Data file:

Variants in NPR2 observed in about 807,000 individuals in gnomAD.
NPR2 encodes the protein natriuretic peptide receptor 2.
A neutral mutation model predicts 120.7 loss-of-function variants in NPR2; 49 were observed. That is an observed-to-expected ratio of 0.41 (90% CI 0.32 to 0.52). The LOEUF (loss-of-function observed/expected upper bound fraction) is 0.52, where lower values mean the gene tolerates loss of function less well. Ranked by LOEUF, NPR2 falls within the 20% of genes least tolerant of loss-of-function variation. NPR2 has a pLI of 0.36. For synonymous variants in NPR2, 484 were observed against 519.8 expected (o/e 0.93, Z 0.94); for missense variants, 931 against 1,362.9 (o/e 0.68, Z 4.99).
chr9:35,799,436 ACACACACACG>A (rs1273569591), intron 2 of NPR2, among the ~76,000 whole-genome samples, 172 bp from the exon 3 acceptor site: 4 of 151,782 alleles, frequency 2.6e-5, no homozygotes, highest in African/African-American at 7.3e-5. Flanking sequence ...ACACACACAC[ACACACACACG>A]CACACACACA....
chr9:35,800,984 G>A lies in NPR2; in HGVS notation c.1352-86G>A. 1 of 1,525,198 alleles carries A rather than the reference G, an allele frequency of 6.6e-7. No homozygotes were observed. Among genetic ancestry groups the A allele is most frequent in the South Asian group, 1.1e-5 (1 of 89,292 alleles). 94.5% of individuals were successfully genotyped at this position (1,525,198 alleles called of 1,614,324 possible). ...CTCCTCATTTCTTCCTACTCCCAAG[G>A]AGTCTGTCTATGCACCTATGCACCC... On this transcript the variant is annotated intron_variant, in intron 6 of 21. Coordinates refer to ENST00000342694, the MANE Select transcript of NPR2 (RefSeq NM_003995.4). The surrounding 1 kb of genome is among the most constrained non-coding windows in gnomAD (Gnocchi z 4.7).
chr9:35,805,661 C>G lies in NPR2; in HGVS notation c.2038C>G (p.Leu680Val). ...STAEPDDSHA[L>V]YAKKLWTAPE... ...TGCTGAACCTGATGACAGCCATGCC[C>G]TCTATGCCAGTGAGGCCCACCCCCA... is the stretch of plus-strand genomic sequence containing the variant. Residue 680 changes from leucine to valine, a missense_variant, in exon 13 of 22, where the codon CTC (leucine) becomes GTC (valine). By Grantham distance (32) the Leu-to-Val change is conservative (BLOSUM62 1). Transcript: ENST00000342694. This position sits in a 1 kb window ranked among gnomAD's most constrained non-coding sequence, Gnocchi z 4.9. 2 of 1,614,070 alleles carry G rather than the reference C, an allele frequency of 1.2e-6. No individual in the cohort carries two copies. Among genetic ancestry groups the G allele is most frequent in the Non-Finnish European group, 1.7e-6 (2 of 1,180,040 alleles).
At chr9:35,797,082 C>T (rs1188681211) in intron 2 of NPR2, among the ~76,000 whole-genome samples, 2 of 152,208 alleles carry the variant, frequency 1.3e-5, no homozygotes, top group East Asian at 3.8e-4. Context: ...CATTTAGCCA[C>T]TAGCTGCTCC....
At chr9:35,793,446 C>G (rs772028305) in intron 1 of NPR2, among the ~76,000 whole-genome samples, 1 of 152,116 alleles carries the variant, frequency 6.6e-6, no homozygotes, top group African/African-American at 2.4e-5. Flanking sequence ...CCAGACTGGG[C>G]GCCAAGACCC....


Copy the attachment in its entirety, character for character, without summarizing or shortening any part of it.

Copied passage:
Variants in NPR2 observed in about 807,000 individuals in gnomAD.
NPR2 encodes the protein natriuretic peptide receptor 2.
A neutral mutation model predicts 120.7 loss-of-function variants in NPR2; 49 were observed. That is an observed-to-expected ratio of 0.41 (90% CI 0.32 to 0.52). The LOEUF (loss-of-function observed/expected upper bound fraction) is 0.52, where lower values mean the gene tolerates loss of function less well. Ranked by LOEUF, NPR2 falls within the 20% of genes least tolerant of loss-of-function variation. NPR2 has a pLI of 0.36. For synonymous variants in NPR2, 484 were observed against 519.8 expected (o/e 0.93, Z 0.94); for missense variants, 931 against 1,362.9 (o/e 0.68, Z 4.99).
chr9:35,799,436 ACACACACACG>A (rs1273569591), intron 2 of NPR2, among the ~76,000 whole-genome samples, 172 bp from the exon 3 acceptor site: 4 of 151,782 alleles, frequency 2.6e-5, no homozygotes, highest in African/African-American at 7.3e-5. Flanking sequence ...ACACACACAC[ACACACACACG>A]CACACACACA....
chr9:35,800,984 G>A lies in NPR2; in HGVS notation c.1352-86G>A. 1 of 1,525,198 alleles carries A rather than the reference G, an allele frequency of 6.6e-7. No homozygotes were observed. Among genetic ancestry groups the A allele is most frequent in the South Asian group, 1.1e-5 (1 of 89,292 alleles). 94.5% of individuals were successfully genotyped at this position (1,525,198 alleles called of 1,614,324 possible). ...CTCCTCATTTCTTCCTACTCCCAAG[G>A]AGTCTGTCTATGCACCTATGCACCC... On this transcript the variant is annotated intron_variant, in intron 6 of 21. Coordinates refer to ENST00000342694, the MANE Select transcript of NPR2 (RefSeq NM_003995.4). The surrounding 1 kb of genome is among the most constrained non-coding windows in gnomAD (Gnocchi z 4.7).
chr9:35,805,661 C>G lies in NPR2; in HGVS notation c.2038C>G (p.Leu680Val). ...STAEPDDSHA[L>V]YAKKLWTAPE... ...TGCTGAACCTGATGACAGCCATGCC[C>G]TCTATGCCAGTGAGGCCCACCCCCA... is the stretch of plus-strand genomic sequence containing the variant. Residue 680 changes from leucine to valine, a missense_variant, in exon 13 of 22, where the codon CTC (leucine) becomes GTC (valine). By Grantham distance (32) the Leu-to-Val change is conservative (BLOSUM62 1). Transcript: ENST00000342694. This position sits in a 1 kb window ranked among gnomAD's most constrained non-coding sequence, Gnocchi z 4.9. 2 of 1,614,070 alleles carry G rather than the reference C, an allele frequency of 1.2e-6. No individual in the cohort carries two copies. Among genetic ancestry groups the G allele is most frequent in the Non-Finnish European group, 1.7e-6 (2 of 1,180,040 alleles).
At chr9:35,797,082 C>T (rs1188681211) in intron 2 of NPR2, among the ~76,000 whole-genome samples, 2 of 152,208 alleles carry the variant, frequency 1.3e-5, no homozygotes, top group East Asian at 3.8e-4. Context: ...CATTTAGCCA[C>T]TAGCTGCTCC....
At chr9:35,793,446 C>G (rs772028305) in intron 1 of NPR2, among the ~76,000 whole-genome samples, 1 of 152,116 alleles carries the variant, frequency 6.6e-6, no homozygotes, top group African/African-American at 2.4e-5. Flanking sequence ...CCAGACTGGG[C>G]GCCAAGACCC....